Progressive multifocal leukoencephalopathy

Edwina J. Wright: Department of Infectious Diseases Unit, Alfred Health and Monash University, Burnet Institute, Melbourne VIC
Phillip Chan : Department of Neurology, Queen Elizabeth Hospital, Hong Kong
Bruce J. Brew: HIV/Infectious Diseases Clinical Services Unit and Department of Neurology, St Vincent’s Hospital, Sydney NSW

Progressive multifocal leukoencephalopathy (PML) is a demyelinating disease of the central nervous system (CNS) caused by a double-stranded DNA polyomavirus known as the John Cunningham virus (JCV). The JCV infects oligodendrocytes and leads to demyelination of the white matter of the brain (Figure 1.) and, rarely, the spinal cord. Serological evidence of infection with JCV is present in at least 80% of adults. Infection occurs during childhood and adolescence, following which JCV remains in the body, replicating within the kidneys,[1] peripheral blood mononuclear cells, the reticuloendothelial system, and, possibly, the brain.

PML usually manifests at the time of immunocompromise induced by human immunodeficiency virus (HIV) infection, organ transplantation, haematological malignancy, long-term immunosuppressive therapy[2] and idiopathic CD4 lymphocytopenia.[3] Administration of natalizumab therapy (a monoclonal antibody to alpha4 integrin that decreases adhesion of T cells) for Crohn’s disease or multiple sclerosis has been well documented as a risk factor for development of PML, with an estimated risk of 1 in 1000 treated patients.[4][5][6] Other immunomodulatory treatments including belatacept, brentuximab, efaluzimab, infliximab, rituximab, ruxolixinib and dimethyl fumarate have also been associated with PML. However, a sizeable number of patients have no discernible disturbance of their immune function.

Figure 1. Magnetic resonance imaging of the brain of a HIV-positive patient showing progressive multifocal leukoencephalopathy

Note: A confluent signal abnormality of the white matter is seen in the frontoparietal region of the brain. Source: Brew B. St Vincent’s Hospital, Sydney NSW. Used with permission.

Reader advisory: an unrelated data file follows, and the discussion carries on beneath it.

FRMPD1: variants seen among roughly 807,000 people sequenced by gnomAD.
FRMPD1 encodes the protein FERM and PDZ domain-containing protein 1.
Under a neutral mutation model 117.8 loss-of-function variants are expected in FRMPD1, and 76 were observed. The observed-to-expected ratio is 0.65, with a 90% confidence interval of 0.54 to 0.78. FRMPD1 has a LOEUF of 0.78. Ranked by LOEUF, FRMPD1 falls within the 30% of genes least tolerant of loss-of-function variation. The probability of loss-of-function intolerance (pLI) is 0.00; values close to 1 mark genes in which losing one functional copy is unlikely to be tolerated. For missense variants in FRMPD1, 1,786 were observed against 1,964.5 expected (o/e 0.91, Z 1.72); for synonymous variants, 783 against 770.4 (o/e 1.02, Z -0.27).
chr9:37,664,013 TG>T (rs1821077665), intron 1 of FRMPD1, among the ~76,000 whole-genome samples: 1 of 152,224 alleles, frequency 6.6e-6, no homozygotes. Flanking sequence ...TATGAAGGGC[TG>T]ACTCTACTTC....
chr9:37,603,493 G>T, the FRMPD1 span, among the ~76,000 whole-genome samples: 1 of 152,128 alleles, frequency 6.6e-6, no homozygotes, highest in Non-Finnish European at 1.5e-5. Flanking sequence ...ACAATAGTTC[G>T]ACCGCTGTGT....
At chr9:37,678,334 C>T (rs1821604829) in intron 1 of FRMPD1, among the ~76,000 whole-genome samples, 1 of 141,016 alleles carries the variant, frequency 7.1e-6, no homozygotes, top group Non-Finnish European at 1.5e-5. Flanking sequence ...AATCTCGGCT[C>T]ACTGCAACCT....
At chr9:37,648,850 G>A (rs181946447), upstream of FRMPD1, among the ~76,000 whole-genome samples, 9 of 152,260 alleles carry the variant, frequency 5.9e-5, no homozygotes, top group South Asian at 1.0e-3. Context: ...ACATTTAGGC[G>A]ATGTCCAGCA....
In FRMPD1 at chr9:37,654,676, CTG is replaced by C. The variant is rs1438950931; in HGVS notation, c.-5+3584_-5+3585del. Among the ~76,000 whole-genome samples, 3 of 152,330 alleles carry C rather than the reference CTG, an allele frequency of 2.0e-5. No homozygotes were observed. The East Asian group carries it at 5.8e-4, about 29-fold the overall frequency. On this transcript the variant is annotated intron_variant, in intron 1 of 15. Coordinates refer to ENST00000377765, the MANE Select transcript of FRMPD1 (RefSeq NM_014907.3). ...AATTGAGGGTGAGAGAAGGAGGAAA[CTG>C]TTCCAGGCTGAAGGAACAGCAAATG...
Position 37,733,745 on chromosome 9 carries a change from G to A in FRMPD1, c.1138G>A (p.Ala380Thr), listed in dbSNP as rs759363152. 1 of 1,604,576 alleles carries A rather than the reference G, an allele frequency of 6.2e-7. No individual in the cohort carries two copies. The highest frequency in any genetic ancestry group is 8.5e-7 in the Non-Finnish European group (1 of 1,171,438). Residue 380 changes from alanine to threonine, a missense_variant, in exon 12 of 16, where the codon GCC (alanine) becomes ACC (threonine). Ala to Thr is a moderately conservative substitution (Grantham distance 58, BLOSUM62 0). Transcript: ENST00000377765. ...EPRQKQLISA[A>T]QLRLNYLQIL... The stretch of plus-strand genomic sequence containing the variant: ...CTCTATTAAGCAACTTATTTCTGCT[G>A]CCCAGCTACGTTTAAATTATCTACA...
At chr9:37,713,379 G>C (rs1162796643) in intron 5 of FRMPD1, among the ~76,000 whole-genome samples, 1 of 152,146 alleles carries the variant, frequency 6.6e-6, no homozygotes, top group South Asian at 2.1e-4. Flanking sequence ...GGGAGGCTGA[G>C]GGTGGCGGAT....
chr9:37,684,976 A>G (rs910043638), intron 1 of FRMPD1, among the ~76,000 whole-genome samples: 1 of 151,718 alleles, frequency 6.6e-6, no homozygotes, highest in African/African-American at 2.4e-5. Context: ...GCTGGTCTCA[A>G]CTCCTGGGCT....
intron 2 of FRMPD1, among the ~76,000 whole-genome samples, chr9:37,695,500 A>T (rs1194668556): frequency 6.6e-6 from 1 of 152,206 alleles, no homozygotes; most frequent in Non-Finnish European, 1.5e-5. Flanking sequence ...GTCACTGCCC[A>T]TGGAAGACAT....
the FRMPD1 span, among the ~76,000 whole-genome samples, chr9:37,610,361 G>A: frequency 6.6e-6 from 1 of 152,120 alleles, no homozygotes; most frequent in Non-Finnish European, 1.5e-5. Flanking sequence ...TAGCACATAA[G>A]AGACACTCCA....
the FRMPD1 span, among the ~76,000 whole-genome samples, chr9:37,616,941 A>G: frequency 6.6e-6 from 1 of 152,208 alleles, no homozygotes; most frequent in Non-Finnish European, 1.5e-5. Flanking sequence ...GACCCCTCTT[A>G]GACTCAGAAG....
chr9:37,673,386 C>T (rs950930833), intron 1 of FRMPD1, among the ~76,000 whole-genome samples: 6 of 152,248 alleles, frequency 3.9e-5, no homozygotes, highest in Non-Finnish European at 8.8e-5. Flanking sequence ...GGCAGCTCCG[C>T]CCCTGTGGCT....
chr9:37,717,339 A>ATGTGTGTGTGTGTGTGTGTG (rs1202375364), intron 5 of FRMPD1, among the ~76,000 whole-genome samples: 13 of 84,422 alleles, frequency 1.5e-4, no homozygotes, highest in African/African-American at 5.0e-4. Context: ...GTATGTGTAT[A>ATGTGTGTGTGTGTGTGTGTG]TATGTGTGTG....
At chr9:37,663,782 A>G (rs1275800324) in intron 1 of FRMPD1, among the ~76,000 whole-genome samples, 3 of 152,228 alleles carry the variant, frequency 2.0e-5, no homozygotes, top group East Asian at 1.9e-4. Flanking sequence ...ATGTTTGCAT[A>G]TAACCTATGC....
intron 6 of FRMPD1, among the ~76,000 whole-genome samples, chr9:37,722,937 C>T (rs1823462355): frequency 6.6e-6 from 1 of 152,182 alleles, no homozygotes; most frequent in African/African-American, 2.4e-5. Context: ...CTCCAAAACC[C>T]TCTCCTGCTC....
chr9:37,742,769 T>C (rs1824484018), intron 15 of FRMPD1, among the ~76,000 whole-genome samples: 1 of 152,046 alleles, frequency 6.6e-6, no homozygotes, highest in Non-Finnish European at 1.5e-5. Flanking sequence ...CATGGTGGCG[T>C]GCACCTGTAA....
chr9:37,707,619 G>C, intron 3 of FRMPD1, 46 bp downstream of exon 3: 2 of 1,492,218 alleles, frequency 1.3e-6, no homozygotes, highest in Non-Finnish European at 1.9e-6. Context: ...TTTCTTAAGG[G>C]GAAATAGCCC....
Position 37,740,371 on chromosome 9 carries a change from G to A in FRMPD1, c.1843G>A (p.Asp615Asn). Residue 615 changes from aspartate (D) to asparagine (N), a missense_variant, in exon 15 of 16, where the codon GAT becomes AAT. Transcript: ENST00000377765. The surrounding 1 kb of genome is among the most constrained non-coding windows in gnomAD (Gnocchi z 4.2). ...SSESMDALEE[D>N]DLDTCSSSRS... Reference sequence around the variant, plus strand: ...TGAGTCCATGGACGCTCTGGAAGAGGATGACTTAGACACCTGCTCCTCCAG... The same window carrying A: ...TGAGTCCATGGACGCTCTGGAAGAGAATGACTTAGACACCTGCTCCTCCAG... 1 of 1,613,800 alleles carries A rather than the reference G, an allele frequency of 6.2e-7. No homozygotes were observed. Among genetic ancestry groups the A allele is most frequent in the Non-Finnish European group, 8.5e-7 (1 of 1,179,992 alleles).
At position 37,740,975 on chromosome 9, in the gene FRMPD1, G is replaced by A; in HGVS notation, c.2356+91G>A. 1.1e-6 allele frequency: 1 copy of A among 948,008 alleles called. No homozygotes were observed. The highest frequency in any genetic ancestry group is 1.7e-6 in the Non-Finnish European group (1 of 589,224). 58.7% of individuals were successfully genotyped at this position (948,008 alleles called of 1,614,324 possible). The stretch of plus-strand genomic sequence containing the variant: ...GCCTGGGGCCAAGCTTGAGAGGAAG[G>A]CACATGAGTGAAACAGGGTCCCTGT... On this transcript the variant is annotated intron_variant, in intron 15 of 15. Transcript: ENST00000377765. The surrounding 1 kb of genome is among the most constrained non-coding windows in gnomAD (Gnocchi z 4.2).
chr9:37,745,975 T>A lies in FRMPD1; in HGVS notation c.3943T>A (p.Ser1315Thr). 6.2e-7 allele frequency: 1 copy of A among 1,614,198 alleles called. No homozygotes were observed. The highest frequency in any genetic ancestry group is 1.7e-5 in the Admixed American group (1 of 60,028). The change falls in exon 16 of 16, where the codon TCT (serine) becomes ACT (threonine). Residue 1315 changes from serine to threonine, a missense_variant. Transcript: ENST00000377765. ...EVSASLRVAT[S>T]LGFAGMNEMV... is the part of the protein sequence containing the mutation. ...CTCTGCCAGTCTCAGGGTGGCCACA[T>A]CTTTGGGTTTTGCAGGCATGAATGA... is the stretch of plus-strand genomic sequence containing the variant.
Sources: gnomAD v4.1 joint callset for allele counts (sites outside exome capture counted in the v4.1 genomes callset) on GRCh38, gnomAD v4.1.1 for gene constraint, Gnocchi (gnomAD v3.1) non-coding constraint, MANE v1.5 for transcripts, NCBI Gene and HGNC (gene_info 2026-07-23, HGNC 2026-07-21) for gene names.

PML occurred in 4% of acquired immune deficiency syndrome (AIDS) patients in Australia before the availability of combination antiretroviral therapy (cART.)[7] Despite the benefits of cART, there has not been a significant fall in the incidence of PML in parts of Europe,[8][9] nor has the USA seen a decrease in the incidence of PML as an AIDS-defining event.[10] In patients with HIV infection, PML is usually seen at the time of moderate or advanced immunosuppression. In studies from the pre-cART era, the median CD4 T-lymphocyte (CD4) cell count at diagnosis of PML was 53 cells/μL (range 0-420 cells/μL)11 in one study, and 30 cells/μL in an Australian study.[11] However, CD4 cell counts were somewhat higher in a post-cART study in which 60% of patients were receiving cART at the time of PML diagnosis (median 104 cells/μL, range 4-1030 cells/μL).[12] It is important to emphasise that PML can occur in HIV seropositive patients who have normal CD4 cell counts.

As a corollary, PML can occur in patients who have very low or undetectable plasma HIV viral loads and who are receiving cART: in one study, one-third of the patients diagnosed with PML had a plasma HIV viral load < 500 copies/mL.[13] In this same study, the overall median plasma HIV viral load was 3362 copies/mL (range < 500 copies –1.5 million copies/mL).[14]

Clinical features

The signs and symptoms of PML typically develop and progress over several weeks or, occasionally, over several months. Patients may present with cognitive impairment, headache, sensory and motor deficit of the limbs, or both, disturbance of gait, vision, speech and swallowing.[15][16] Clinical examination may reveal hemiparesis, hemineglect, visual field defects (including homonymous hemianopia), cerebellar signs and gait disturbance. Rarely there is evidence of brainstem and spinal cord involvement.

The presentation of PML is notable for the absence of fever in the patient and the infrequency of seizures.

Diagnosis

The key investigations that may be used in the diagnosis of PML include magnetic resonance imaging (MRI) of the brain, assessment of the cerebrospinal fluid (CSF) for JCV by polymerase chain reaction (PCR), and performance of a brain biopsy for histopathological review and JCV PCR. The typical findings of these and other investigations are discussed in Table 1.

Table 1 Investigational findings for patients with HIV infection with progressive multifocal leukoencephalopathy (PML)
Magnetic resonance imaging (MRI) of the brain (see Figure 1)
Key findings typically show several areas of T2-weighted high signal intensity in the subcortical white matter that have a scalloped appearance. Both unifocal and multifocal presentations have been reported. T1-weighted hypointensity is found in the corresponding areas. The frontal and parieto-occipital regions are most commonly involved. The presence of mass effect or contrast enhancement is very uncommon in PML, but can occur as a manifestation of an immune reconstitution inflammatory syndrome with the recent introduction of cART or with very aggressive JCV replication.[17][18] The MRI evidence of progression of PML includes increased hypointensity on T1-weighted images and increased high signal on fluid- attenuated inversion recovery/fast-spin echo (FLAIR-FSE) images.[19] In practice, MRI of the brain often plays a key role in the diagnosis of PML.
Computed tomography (CT) scan
Non-contrast CT brain scans typically reveal areas of hypointensity in the subcortical white matter that are not associated with mass effect and do not enhance with contrast. The lesions of PML on CT scans may mistakenly be interpreted as vasogenic oedema or infarction, especially if the diagnosis of underlying HIV infection is not known.
Cerebrospinal fluid JC virus polymerase chain reaction (PCR) assay